When Marlo and Phil spoke in person with some 40 celebrity couples (including Alan and Arlene Alda, Kevin Bacon and Kyra Sedgwick, former President Jimmy Carter and his wife Rosalyn – married for 76 years, Billy and Janice Crystal, Jamie Lee Curtis and Christopher Guest, Elton John and David Furnish, and Viola Davis and Julius Tennon, to name a few of the 40), they listened to dozens of marriage challenges and obstacles – many so tumultuous and traumatic that it was surprising the couples stayed together.

Why did they stay together when times got tough? These couples were not afraid to face difficult situations; they didn’t look for a quick exit. Kevin Bacon and Kyra Sedgwick, for example, lost their life savings in a Ponzi scheme of Bernie Madof but their marriage withstood this tragedy, Jaqueline Jackson stayed with her husband, Jesse, after learning he had an extramarital affair, Mark Consuelos – filled with jealousy and distrust – hopped a plane from Boston to New York when his wife, Kelly Ripa, claimed she was spending the evening cleaning toilets. (He found her cleaning toilets when he arrived.) This rocked their marriage, but they got through the storm, learned from the experience, and their marriage is stronger than ever.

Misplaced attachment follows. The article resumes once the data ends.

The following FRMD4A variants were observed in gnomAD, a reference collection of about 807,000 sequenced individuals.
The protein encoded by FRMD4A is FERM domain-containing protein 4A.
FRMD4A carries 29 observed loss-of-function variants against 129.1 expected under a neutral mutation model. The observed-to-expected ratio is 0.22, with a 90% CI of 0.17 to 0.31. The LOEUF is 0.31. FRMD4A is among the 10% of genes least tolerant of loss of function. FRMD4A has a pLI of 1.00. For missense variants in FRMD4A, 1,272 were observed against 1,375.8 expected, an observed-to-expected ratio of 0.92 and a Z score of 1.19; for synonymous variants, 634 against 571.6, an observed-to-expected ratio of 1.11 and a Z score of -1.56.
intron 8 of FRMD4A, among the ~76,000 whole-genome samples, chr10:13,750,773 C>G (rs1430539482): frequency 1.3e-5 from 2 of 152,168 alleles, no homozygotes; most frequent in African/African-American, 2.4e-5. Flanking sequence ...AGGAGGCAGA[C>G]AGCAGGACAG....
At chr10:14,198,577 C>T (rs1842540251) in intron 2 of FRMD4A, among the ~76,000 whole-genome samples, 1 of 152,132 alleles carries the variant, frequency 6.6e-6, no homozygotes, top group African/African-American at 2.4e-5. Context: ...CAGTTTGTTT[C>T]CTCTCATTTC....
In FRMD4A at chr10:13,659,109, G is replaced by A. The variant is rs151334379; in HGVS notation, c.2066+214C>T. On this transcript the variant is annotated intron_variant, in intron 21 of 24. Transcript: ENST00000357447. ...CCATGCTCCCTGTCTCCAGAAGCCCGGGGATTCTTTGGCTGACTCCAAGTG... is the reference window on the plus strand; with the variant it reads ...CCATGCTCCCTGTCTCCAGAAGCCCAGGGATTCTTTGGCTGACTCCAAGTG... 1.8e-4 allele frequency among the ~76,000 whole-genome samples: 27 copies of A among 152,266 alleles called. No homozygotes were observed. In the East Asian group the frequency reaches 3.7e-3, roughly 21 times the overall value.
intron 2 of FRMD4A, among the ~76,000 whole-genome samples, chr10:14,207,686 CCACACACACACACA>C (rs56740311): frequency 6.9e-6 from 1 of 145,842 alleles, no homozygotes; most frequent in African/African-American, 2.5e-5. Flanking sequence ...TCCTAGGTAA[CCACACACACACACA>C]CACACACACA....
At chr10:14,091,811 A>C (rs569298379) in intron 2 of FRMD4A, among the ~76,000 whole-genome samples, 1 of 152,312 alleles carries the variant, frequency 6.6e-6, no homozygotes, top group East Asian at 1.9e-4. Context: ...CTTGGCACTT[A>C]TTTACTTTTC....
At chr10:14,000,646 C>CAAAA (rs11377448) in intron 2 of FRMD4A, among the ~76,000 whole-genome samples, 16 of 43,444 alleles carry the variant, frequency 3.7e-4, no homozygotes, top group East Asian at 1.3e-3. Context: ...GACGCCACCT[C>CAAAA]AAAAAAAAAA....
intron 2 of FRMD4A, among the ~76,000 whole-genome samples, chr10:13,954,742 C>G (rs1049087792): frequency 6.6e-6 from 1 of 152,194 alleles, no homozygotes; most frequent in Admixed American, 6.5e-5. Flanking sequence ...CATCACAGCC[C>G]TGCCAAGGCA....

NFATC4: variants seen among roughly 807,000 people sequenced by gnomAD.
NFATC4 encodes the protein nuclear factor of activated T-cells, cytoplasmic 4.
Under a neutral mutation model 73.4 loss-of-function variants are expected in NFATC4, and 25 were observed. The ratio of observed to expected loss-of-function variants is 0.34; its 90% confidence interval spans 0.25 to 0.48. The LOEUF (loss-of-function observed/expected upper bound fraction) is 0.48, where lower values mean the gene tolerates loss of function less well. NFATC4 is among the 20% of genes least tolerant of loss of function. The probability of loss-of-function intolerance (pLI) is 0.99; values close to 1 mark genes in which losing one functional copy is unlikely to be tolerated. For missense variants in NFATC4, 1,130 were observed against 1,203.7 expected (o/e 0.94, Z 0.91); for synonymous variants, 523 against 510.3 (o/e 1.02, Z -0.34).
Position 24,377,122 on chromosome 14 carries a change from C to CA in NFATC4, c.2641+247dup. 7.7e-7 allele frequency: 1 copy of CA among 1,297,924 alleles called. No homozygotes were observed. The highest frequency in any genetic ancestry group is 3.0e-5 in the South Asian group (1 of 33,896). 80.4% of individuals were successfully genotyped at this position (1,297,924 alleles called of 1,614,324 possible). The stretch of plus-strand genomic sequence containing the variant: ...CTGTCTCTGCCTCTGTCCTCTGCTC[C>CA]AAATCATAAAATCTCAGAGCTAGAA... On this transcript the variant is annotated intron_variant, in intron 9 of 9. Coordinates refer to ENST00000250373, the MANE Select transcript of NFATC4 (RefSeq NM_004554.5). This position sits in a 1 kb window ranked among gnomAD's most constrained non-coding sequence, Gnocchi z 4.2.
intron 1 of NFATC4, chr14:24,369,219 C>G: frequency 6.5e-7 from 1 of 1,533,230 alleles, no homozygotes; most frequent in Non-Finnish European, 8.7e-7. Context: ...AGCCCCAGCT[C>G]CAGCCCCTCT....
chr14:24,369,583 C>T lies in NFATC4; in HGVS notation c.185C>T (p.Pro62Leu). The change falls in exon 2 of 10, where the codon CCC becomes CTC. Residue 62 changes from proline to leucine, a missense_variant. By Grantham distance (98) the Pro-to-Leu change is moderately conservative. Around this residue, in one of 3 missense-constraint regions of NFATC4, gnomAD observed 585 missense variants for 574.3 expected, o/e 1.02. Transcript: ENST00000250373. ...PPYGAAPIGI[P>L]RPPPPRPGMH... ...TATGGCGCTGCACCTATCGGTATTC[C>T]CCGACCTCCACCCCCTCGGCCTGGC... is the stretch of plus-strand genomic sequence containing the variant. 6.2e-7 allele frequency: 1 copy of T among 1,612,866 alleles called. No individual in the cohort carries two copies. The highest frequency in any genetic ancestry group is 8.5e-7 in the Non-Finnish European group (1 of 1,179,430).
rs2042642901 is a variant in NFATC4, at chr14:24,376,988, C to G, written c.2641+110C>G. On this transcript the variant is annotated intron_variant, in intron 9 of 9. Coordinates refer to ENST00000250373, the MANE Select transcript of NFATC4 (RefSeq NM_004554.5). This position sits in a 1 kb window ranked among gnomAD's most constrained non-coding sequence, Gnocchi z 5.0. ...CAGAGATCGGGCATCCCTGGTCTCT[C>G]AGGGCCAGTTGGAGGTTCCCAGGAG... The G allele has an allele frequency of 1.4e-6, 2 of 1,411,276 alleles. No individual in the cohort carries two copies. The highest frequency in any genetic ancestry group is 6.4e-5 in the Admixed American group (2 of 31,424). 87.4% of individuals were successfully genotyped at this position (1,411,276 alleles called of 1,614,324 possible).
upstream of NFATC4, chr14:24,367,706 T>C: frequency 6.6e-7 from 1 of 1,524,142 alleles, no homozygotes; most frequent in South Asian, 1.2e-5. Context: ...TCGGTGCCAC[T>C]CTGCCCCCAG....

There is no Plan B when it comes to saving your marriage, Marlo and Phil report in their book. Many couples look for the fastest escape route when the trouble starts. All marriages will have unanticipated challenges. If a couple expects constant smooth sailing, they are in for a disappointing surprise.

The marriages that last, the couple writes, are ones that work through those difficult times together. I would like to add that these couples work through the power struggle. They recognize that the differences between them are there to help them grow and change as a couple and as individuals.

Some other advice Marlo and Phil shared that I think is beneficial for all relationships is try not to make your partner feel bad because they aren’t like you; no matter how hard you try, it won’t happen.